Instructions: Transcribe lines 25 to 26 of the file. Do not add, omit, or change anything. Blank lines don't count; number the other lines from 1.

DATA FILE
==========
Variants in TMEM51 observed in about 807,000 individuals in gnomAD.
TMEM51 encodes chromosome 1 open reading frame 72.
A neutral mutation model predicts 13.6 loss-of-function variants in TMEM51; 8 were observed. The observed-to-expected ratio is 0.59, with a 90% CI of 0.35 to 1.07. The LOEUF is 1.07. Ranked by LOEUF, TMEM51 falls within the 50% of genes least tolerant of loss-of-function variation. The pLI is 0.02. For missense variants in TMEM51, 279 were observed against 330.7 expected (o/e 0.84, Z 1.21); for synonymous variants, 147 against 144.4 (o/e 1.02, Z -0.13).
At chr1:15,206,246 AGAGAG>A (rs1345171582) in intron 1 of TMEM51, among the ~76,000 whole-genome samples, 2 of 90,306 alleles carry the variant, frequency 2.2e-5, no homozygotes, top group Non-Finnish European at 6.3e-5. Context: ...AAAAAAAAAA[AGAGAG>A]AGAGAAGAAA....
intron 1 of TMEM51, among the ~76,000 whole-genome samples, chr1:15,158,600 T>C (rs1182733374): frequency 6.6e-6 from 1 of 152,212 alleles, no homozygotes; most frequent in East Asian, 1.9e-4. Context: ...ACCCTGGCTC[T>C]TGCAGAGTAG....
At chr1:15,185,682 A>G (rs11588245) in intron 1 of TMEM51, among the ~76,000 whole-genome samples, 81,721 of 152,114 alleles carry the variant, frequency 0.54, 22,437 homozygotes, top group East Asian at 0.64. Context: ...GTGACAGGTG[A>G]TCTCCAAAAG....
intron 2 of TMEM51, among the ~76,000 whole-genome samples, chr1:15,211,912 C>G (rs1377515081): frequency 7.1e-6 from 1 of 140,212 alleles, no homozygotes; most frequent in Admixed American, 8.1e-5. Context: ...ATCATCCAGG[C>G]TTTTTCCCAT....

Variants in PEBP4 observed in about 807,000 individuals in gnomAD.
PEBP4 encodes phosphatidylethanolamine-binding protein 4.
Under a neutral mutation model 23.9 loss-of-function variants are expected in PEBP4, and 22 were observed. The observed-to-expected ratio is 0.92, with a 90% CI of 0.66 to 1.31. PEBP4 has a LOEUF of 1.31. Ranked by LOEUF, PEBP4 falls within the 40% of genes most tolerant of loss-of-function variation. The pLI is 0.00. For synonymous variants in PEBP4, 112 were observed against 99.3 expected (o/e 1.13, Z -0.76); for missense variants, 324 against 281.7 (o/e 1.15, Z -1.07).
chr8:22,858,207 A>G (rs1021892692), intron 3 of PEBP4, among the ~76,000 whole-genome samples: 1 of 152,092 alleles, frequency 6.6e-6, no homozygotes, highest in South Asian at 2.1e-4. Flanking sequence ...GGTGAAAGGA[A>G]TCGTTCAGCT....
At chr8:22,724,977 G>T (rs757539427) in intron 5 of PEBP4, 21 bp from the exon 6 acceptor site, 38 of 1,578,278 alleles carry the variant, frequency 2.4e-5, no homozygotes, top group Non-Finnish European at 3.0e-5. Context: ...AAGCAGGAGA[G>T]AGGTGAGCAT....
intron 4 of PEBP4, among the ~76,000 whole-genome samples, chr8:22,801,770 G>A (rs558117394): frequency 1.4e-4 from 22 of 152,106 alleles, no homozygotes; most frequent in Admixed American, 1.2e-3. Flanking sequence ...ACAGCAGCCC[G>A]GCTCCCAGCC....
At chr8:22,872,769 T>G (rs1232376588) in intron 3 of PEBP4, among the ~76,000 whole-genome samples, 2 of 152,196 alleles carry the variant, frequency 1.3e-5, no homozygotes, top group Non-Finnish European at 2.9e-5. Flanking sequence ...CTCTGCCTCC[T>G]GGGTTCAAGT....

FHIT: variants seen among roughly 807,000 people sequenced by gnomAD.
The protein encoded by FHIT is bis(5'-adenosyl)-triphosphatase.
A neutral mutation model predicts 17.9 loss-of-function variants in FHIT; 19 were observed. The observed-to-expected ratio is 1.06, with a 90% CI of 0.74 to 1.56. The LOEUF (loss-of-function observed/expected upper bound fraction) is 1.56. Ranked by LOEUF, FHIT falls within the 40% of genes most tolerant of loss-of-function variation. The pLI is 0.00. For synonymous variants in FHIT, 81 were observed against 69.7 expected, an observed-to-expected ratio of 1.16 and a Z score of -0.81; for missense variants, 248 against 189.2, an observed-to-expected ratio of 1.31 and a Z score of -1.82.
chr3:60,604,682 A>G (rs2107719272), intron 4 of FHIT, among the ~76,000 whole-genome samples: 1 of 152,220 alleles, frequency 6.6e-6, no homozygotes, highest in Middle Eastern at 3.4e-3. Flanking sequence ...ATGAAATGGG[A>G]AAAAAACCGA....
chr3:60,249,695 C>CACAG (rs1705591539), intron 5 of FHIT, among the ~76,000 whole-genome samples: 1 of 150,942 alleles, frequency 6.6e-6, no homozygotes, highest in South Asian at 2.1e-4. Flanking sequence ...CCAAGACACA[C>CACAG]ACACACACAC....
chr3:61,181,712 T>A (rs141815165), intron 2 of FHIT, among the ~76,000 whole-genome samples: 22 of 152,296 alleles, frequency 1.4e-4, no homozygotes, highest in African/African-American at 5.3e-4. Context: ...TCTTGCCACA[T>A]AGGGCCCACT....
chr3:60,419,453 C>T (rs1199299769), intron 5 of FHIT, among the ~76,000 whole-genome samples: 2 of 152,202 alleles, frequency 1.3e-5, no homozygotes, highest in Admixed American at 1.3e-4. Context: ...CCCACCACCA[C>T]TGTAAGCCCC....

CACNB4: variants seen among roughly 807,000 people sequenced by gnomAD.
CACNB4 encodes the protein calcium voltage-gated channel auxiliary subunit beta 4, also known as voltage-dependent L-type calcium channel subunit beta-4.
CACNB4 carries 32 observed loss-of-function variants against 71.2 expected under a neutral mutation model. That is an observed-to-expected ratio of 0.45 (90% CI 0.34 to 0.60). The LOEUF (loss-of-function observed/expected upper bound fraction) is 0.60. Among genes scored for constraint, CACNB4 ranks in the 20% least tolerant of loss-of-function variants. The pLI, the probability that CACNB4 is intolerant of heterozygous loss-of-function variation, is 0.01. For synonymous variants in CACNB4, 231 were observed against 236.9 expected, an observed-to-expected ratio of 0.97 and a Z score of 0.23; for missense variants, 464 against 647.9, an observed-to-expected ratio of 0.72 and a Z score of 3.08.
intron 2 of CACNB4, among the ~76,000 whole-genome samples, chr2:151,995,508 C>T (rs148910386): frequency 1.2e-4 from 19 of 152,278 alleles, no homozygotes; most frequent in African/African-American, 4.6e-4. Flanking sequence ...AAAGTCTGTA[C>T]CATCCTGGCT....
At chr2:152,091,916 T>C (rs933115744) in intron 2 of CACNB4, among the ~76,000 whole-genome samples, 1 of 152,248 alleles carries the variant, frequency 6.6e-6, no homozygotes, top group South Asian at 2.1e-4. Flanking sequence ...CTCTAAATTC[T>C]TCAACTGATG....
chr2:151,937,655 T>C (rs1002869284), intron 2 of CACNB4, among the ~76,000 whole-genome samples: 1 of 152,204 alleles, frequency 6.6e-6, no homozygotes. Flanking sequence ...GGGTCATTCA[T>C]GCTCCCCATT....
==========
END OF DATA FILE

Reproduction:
intron 2 of CACNB4, among the ~76,000 whole-genome samples, chr2:151,995,508 C>T (rs148910386): frequency 1.2e-4 from 19 of 152,278 alleles, no homozygotes; most frequent in African/African-American, 4.6e-4. Flanking sequence ...AAAGTCTGTA[C>T]CATCCTGGCT....
At chr2:152,091,916 T>C (rs933115744) in intron 2 of CACNB4, among the ~76,000 whole-genome samples, 1 of 152,248 alleles carries the variant, frequency 6.6e-6, no homozygotes, top group South Asian at 2.1e-4. Flanking sequence ...CTCTAAATTC[T>C]TCAACTGATG....